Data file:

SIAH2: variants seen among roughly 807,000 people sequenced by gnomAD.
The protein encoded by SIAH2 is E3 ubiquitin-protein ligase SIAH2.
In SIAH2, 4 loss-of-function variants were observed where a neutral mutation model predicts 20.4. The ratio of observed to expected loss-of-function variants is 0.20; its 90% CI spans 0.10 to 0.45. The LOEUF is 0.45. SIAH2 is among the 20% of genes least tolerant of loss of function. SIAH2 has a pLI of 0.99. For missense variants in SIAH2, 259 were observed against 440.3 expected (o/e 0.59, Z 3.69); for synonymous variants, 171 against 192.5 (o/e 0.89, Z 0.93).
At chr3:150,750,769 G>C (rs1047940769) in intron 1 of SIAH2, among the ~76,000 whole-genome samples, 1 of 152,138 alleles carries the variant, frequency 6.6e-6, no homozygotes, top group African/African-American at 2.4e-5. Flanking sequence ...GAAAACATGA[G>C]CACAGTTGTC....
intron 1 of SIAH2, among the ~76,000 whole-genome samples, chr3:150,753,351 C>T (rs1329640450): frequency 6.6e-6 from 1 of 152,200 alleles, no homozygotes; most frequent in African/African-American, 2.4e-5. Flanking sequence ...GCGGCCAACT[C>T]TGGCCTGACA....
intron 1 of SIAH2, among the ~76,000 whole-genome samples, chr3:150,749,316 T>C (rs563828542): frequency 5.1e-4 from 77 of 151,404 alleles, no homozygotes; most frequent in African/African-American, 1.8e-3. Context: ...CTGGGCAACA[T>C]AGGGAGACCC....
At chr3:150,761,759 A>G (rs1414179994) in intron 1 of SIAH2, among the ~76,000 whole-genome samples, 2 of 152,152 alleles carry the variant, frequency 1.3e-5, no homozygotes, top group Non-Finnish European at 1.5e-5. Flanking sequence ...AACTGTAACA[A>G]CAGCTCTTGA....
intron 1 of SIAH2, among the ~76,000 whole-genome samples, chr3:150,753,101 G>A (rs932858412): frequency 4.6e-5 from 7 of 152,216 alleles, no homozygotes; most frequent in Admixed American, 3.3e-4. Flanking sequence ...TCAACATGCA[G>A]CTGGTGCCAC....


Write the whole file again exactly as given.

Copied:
SIAH2: variants seen among roughly 807,000 people sequenced by gnomAD.
The protein encoded by SIAH2 is E3 ubiquitin-protein ligase SIAH2.
In SIAH2, 4 loss-of-function variants were observed where a neutral mutation model predicts 20.4. The ratio of observed to expected loss-of-function variants is 0.20; its 90% CI spans 0.10 to 0.45. The LOEUF is 0.45. SIAH2 is among the 20% of genes least tolerant of loss of function. SIAH2 has a pLI of 0.99. For missense variants in SIAH2, 259 were observed against 440.3 expected (o/e 0.59, Z 3.69); for synonymous variants, 171 against 192.5 (o/e 0.89, Z 0.93).
At chr3:150,750,769 G>C (rs1047940769) in intron 1 of SIAH2, among the ~76,000 whole-genome samples, 1 of 152,138 alleles carries the variant, frequency 6.6e-6, no homozygotes, top group African/African-American at 2.4e-5. Flanking sequence ...GAAAACATGA[G>C]CACAGTTGTC....
intron 1 of SIAH2, among the ~76,000 whole-genome samples, chr3:150,753,351 C>T (rs1329640450): frequency 6.6e-6 from 1 of 152,200 alleles, no homozygotes; most frequent in African/African-American, 2.4e-5. Flanking sequence ...GCGGCCAACT[C>T]TGGCCTGACA....
intron 1 of SIAH2, among the ~76,000 whole-genome samples, chr3:150,749,316 T>C (rs563828542): frequency 5.1e-4 from 77 of 151,404 alleles, no homozygotes; most frequent in African/African-American, 1.8e-3. Context: ...CTGGGCAACA[T>C]AGGGAGACCC....
At chr3:150,761,759 A>G (rs1414179994) in intron 1 of SIAH2, among the ~76,000 whole-genome samples, 2 of 152,152 alleles carry the variant, frequency 1.3e-5, no homozygotes, top group Non-Finnish European at 1.5e-5. Flanking sequence ...AACTGTAACA[A>G]CAGCTCTTGA....
intron 1 of SIAH2, among the ~76,000 whole-genome samples, chr3:150,753,101 G>A (rs932858412): frequency 4.6e-5 from 7 of 152,216 alleles, no homozygotes; most frequent in Admixed American, 3.3e-4. Flanking sequence ...TCAACATGCA[G>A]CTGGTGCCAC....